Announcement

Collapse
No announcement yet.

Bottle Pressure 75/25

Collapse
X
 
  • Filter
  • Time
  • Show
Clear All
new posts

  • Bottle Pressure 75/25

    For mixed 75/25 gas, how do you know when you need to refill the bottle. Is it at a given pressure or just when it runs out completely? I searched and could not find an answer.

    Thanks
    Dave

  • #2
    Originally posted by Dave I View Post
    For mixed 75/25 gas, how do you know when you need to refill the bottle. Is it at a given pressure or just when it runs out completely? I searched and could not find an answer.

    Thanks
    Dave
    You can safely go down to ~100psi, any lower and you risk drawing off some of the argoff at the bottom of the cylinder. argoff will remove your bead, so be careful as you get close to the century mark.

    Comment


    • #3
      What a stupid answer

      Comment


      • #4
        The problem of running out of shielding gas as your welding is getting a bad weld at that point as it becomes hard to maintain an arc as your arc changes. Pressure to flow meter is set at 35psi for Victor flow meters or 50psi for some Smith flow meters. I don't know what pressure flow gage regulators are set at for various flow rates. Without shielding gas your welds start looking like swiss cheese full of little holes.

        If empty cylinder's valve is left open to atmosphere, water and other contaminates can enter possibly causing rust in cylinder and other problems.

        Comment


        • #5
          I generally keep an eye on the pressure of the bottle. When it gets below about 100 psi, I start thinking of a convenient time to switch out bottles. If I don't have a full spare at the time, I start to keep a very close watch on my welds. At the slightest sign of porosity, I stop. You can weld until the flow is insufficient and porosity starts to develop. The only thing that will suffer is the weld. As long as you close the bottle like normal, there will still be some pressure left in the bottle, so nothing will sneak in. There is no danger of running the bottle too low, like with acetylene.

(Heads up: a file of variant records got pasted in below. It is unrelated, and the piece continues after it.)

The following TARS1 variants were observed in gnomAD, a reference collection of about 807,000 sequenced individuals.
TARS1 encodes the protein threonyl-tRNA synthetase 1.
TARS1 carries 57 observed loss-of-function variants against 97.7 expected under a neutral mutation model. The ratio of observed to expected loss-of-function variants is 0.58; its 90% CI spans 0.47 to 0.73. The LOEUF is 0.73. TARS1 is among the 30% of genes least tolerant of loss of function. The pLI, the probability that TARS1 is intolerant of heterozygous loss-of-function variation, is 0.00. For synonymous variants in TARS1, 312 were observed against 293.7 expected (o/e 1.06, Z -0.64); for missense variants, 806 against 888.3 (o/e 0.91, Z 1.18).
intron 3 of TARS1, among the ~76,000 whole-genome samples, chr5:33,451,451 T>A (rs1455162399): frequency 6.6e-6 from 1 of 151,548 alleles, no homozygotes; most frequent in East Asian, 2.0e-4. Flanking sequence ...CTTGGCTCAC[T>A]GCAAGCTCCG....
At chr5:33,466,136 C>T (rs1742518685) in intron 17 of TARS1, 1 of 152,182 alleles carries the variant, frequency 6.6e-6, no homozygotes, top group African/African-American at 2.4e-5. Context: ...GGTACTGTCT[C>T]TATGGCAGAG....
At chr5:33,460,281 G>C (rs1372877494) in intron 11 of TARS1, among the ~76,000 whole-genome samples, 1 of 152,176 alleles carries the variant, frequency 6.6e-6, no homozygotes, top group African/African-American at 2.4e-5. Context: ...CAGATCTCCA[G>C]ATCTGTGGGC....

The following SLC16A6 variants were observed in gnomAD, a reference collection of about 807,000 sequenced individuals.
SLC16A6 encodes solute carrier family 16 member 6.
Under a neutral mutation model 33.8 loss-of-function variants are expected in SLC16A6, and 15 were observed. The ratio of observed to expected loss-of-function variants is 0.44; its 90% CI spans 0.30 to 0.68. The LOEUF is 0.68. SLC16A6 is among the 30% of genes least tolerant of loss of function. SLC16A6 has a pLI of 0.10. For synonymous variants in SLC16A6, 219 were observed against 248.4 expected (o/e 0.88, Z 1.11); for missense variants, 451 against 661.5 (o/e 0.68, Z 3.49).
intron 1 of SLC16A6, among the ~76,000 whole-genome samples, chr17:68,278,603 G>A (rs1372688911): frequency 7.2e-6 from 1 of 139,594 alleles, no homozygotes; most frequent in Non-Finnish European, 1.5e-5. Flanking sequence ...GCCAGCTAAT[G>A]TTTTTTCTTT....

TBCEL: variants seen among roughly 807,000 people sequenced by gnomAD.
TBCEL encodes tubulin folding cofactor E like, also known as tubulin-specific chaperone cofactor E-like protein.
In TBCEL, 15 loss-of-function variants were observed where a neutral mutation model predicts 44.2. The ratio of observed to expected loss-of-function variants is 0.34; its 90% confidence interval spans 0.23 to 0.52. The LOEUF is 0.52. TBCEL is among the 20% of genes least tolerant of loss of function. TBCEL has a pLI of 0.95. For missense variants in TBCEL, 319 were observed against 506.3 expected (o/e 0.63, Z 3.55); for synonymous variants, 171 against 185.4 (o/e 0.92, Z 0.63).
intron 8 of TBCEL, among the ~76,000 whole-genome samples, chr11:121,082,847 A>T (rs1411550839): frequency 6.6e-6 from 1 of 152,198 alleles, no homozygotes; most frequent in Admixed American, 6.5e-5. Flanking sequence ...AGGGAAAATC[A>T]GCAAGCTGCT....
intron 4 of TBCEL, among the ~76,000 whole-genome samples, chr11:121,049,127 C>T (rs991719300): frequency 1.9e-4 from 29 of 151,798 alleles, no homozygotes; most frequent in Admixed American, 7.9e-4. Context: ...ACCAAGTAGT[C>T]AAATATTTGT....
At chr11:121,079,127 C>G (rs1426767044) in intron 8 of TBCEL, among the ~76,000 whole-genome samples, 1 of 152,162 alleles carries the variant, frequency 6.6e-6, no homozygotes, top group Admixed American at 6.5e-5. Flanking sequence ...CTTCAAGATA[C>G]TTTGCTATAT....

Oh, pumpkinhead, thanks for helping the guy out. Oughta get at least one straight answer in before the argoff stuff comes up. Sheesh!

          Dave
          Still building my new old truck - see the progress!
          http://www.ford-trucks.com/forums/65...-coe-idea.html
          http://www.hobartwelders.com/weldtal...ad.php?t=27017

          Square Wave TIG 200 - Woot!
          MM180
          SP125+

          Comment


          • #6
            Thanks for the information guys.

            Comment


            • #7
              You should try welding solid wire with shielding gas off or better yet set your flow rate then turn off shielding gas bottle valve. You then will see what happens.

              Comment


              • #8
                Run the 75/25 tank till it's empty. You will know when it's time to change by the porosity in the weld. Don't give the Gas suppliers anymore of your hard earned cash than you have too!
                Last edited by tommyj3; 01-04-2009, 10:36 AM.

                Comment


                • #9
                  If you are new to your gas flowmeter, some tank pressure gauges are not correct. Sometimes you will run out of gas before the needle hits the peg and sometimes you can weld quite a bit after it is setting on the peg. When my tank is reading low,I will usually pull the trigger and see if my ball or needle is jumping up to its setting before starting a weld. If you can, run the tank empty.
                  Miller Big40
                  Lincoln AC225
                  Hobart Beta Mig 200
                  Victor Senior and Junior oxy/acetylene

                  Comment

                  Working...
                  X